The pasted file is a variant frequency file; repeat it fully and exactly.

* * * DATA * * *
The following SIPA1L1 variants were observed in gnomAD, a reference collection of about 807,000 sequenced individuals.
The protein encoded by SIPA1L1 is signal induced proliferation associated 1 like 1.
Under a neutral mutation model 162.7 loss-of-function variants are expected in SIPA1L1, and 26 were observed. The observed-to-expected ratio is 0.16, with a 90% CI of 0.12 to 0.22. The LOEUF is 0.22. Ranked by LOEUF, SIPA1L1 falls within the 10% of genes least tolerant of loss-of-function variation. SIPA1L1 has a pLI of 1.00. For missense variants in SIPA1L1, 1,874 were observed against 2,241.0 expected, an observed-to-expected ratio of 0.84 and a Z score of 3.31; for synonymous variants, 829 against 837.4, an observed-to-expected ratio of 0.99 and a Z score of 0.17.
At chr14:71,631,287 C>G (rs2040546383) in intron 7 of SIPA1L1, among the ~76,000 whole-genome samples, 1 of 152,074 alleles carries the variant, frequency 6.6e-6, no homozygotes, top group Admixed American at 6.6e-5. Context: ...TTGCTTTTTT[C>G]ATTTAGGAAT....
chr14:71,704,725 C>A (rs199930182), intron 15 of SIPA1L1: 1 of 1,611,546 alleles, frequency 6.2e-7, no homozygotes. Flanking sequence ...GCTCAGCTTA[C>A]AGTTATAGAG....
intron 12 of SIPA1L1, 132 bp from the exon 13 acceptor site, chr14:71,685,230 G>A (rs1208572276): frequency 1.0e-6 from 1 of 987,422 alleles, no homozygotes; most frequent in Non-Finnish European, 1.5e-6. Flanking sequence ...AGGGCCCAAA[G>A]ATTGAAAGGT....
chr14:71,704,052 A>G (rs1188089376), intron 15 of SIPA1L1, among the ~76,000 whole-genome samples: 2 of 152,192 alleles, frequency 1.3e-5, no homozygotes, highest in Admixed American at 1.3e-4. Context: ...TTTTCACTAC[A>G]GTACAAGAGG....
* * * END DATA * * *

The following SIPA1L1 variants were observed in gnomAD, a reference collection of about 807,000 sequenced individuals.
The protein encoded by SIPA1L1 is signal induced proliferation associated 1 like 1.
Under a neutral mutation model 162.7 loss-of-function variants are expected in SIPA1L1, and 26 were observed. The observed-to-expected ratio is 0.16, with a 90% CI of 0.12 to 0.22. The LOEUF is 0.22. Ranked by LOEUF, SIPA1L1 falls within the 10% of genes least tolerant of loss-of-function variation. SIPA1L1 has a pLI of 1.00. For missense variants in SIPA1L1, 1,874 were observed against 2,241.0 expected, an observed-to-expected ratio of 0.84 and a Z score of 3.31; for synonymous variants, 829 against 837.4, an observed-to-expected ratio of 0.99 and a Z score of 0.17.
At chr14:71,631,287 C>G (rs2040546383) in intron 7 of SIPA1L1, among the ~76,000 whole-genome samples, 1 of 152,074 alleles carries the variant, frequency 6.6e-6, no homozygotes, top group Admixed American at 6.6e-5. Context: ...TTGCTTTTTT[C>G]ATTTAGGAAT....
chr14:71,704,725 C>A (rs199930182), intron 15 of SIPA1L1: 1 of 1,611,546 alleles, frequency 6.2e-7, no homozygotes. Flanking sequence ...GCTCAGCTTA[C>A]AGTTATAGAG....
intron 12 of SIPA1L1, 132 bp from the exon 13 acceptor site, chr14:71,685,230 G>A (rs1208572276): frequency 1.0e-6 from 1 of 987,422 alleles, no homozygotes; most frequent in Non-Finnish European, 1.5e-6. Flanking sequence ...AGGGCCCAAA[G>A]ATTGAAAGGT....
chr14:71,704,052 A>G (rs1188089376), intron 15 of SIPA1L1, among the ~76,000 whole-genome samples: 2 of 152,192 alleles, frequency 1.3e-5, no homozygotes, highest in Admixed American at 1.3e-4. Context: ...TTTTCACTAC[A>G]GTACAAGAGG....